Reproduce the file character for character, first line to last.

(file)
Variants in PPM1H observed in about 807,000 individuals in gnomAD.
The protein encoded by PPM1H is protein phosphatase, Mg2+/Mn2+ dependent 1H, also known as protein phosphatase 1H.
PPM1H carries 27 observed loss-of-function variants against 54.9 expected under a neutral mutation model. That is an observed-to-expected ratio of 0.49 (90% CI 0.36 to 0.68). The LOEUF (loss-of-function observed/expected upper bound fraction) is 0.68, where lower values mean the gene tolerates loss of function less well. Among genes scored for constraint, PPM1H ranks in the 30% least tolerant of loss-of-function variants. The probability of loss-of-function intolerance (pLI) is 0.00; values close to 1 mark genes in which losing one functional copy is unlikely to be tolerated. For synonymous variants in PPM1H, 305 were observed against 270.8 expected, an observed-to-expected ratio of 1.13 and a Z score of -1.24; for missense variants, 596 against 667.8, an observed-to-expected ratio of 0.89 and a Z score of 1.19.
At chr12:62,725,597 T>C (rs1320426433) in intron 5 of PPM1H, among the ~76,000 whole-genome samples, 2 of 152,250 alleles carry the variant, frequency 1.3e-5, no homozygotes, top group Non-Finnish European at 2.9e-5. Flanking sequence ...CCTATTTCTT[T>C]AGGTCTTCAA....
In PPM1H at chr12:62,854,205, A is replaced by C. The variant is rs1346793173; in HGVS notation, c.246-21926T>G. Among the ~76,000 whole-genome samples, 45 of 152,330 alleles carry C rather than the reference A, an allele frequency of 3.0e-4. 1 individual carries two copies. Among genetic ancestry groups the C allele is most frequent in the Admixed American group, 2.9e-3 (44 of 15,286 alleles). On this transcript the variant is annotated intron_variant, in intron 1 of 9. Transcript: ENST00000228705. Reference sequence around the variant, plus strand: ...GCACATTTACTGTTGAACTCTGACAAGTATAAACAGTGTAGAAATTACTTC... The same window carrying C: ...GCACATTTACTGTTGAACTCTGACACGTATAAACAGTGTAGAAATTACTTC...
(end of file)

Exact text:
Variants in PPM1H observed in about 807,000 individuals in gnomAD.
The protein encoded by PPM1H is protein phosphatase, Mg2+/Mn2+ dependent 1H, also known as protein phosphatase 1H.
PPM1H carries 27 observed loss-of-function variants against 54.9 expected under a neutral mutation model. That is an observed-to-expected ratio of 0.49 (90% CI 0.36 to 0.68). The LOEUF (loss-of-function observed/expected upper bound fraction) is 0.68, where lower values mean the gene tolerates loss of function less well. Among genes scored for constraint, PPM1H ranks in the 30% least tolerant of loss-of-function variants. The probability of loss-of-function intolerance (pLI) is 0.00; values close to 1 mark genes in which losing one functional copy is unlikely to be tolerated. For synonymous variants in PPM1H, 305 were observed against 270.8 expected, an observed-to-expected ratio of 1.13 and a Z score of -1.24; for missense variants, 596 against 667.8, an observed-to-expected ratio of 0.89 and a Z score of 1.19.
At chr12:62,725,597 T>C (rs1320426433) in intron 5 of PPM1H, among the ~76,000 whole-genome samples, 2 of 152,250 alleles carry the variant, frequency 1.3e-5, no homozygotes, top group Non-Finnish European at 2.9e-5. Flanking sequence ...CCTATTTCTT[T>C]AGGTCTTCAA....
In PPM1H at chr12:62,854,205, A is replaced by C. The variant is rs1346793173; in HGVS notation, c.246-21926T>G. Among the ~76,000 whole-genome samples, 45 of 152,330 alleles carry C rather than the reference A, an allele frequency of 3.0e-4. 1 individual carries two copies. Among genetic ancestry groups the C allele is most frequent in the Admixed American group, 2.9e-3 (44 of 15,286 alleles). On this transcript the variant is annotated intron_variant, in intron 1 of 9. Transcript: ENST00000228705. Reference sequence around the variant, plus strand: ...GCACATTTACTGTTGAACTCTGACAAGTATAAACAGTGTAGAAATTACTTC... The same window carrying C: ...GCACATTTACTGTTGAACTCTGACACGTATAAACAGTGTAGAAATTACTTC...